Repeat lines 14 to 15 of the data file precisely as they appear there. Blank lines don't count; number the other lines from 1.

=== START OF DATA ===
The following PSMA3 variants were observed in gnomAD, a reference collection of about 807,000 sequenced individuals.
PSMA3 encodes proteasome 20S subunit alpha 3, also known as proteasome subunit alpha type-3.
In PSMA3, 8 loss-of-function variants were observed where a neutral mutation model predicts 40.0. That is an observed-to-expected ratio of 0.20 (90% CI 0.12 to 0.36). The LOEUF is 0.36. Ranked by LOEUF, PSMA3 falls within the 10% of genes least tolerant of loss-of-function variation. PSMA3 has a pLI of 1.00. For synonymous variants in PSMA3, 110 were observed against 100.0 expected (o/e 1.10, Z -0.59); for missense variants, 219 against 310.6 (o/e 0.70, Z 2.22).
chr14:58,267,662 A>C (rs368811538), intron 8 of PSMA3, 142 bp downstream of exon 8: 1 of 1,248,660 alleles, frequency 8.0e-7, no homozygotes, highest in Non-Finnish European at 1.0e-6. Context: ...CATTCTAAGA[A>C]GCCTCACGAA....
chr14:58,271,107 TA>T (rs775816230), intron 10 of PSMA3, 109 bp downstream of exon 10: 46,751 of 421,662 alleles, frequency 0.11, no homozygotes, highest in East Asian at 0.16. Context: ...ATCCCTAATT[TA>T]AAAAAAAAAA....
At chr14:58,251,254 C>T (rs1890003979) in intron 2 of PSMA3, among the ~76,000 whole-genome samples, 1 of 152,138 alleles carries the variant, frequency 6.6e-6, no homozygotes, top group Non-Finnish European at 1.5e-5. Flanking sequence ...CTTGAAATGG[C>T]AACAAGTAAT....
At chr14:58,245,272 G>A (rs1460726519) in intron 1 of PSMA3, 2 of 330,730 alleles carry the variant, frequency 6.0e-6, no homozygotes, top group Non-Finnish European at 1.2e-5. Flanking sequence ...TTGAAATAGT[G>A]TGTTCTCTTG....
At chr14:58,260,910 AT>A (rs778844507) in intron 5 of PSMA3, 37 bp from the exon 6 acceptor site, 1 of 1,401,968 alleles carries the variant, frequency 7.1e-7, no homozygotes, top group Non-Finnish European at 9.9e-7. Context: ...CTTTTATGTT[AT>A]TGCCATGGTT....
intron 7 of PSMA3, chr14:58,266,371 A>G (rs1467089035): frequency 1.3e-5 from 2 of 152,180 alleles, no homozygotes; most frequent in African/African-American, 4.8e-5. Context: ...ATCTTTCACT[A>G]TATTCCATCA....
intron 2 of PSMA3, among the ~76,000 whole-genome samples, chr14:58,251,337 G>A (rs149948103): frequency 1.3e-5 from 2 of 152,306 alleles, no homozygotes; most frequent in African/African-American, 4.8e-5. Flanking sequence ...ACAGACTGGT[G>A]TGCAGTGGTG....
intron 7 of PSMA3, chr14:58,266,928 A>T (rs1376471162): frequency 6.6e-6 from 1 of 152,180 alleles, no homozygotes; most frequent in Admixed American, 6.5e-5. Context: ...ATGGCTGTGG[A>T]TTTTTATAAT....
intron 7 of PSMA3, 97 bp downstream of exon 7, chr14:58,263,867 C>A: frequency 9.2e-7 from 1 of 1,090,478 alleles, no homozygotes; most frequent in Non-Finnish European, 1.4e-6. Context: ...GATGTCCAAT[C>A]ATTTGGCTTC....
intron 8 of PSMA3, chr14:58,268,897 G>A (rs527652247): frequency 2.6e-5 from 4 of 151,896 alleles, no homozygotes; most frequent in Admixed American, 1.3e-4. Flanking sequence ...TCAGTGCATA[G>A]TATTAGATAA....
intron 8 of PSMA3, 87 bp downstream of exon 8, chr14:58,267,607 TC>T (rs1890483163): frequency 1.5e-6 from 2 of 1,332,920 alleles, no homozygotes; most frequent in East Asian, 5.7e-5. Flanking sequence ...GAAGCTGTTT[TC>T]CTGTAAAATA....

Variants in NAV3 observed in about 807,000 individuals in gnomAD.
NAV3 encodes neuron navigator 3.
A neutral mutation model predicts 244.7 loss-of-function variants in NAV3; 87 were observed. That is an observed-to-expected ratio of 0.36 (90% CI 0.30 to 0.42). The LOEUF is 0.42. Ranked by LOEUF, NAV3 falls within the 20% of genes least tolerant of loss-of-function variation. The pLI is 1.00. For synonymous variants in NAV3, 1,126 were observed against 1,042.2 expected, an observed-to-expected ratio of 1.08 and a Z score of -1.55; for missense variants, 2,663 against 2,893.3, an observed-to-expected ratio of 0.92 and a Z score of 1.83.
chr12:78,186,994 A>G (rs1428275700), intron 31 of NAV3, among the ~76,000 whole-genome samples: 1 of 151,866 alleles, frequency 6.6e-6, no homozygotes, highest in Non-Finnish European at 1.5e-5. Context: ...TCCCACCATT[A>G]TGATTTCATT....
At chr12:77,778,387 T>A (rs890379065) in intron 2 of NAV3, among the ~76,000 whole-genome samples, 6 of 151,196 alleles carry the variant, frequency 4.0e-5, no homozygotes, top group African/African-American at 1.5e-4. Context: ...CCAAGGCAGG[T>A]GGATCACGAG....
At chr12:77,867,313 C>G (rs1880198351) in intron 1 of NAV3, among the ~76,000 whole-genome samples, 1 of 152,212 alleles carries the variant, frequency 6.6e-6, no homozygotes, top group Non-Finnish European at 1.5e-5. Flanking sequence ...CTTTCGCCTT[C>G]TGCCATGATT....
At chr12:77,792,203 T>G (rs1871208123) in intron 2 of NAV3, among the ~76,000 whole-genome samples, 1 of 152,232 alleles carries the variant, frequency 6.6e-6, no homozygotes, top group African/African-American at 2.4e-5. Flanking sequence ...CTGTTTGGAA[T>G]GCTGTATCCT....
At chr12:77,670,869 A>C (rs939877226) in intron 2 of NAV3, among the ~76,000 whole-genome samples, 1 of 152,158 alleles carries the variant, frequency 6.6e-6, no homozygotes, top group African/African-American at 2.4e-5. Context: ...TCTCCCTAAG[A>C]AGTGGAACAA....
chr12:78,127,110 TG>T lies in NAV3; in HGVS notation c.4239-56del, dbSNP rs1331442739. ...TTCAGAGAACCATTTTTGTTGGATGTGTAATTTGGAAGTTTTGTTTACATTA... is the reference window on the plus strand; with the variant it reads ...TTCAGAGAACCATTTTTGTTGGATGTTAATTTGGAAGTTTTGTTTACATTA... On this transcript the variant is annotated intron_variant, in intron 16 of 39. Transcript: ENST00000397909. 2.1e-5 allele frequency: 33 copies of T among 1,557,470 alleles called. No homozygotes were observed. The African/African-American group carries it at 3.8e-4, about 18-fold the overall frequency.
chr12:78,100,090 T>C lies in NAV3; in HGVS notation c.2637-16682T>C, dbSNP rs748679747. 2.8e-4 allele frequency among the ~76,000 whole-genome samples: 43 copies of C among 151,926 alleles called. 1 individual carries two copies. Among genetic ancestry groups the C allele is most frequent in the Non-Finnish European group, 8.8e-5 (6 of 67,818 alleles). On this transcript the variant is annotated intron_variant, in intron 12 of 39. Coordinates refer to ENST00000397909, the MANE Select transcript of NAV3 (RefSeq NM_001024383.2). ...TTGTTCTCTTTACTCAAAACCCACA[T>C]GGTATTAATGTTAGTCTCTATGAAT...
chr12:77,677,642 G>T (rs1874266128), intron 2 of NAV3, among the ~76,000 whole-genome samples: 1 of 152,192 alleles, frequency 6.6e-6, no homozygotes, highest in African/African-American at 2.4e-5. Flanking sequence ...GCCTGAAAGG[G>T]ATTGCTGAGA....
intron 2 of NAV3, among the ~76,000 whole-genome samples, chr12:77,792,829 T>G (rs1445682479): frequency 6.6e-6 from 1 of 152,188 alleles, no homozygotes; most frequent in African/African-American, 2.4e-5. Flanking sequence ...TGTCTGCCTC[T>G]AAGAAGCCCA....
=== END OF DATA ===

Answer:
intron 8 of PSMA3, 87 bp downstream of exon 8, chr14:58,267,607 TC>T (rs1890483163): frequency 1.5e-6 from 2 of 1,332,920 alleles, no homozygotes; most frequent in East Asian, 5.7e-5. Flanking sequence ...GAAGCTGTTT[TC>T]CTGTAAAATA....

Variants in NAV3 observed in about 807,000 individuals in gnomAD.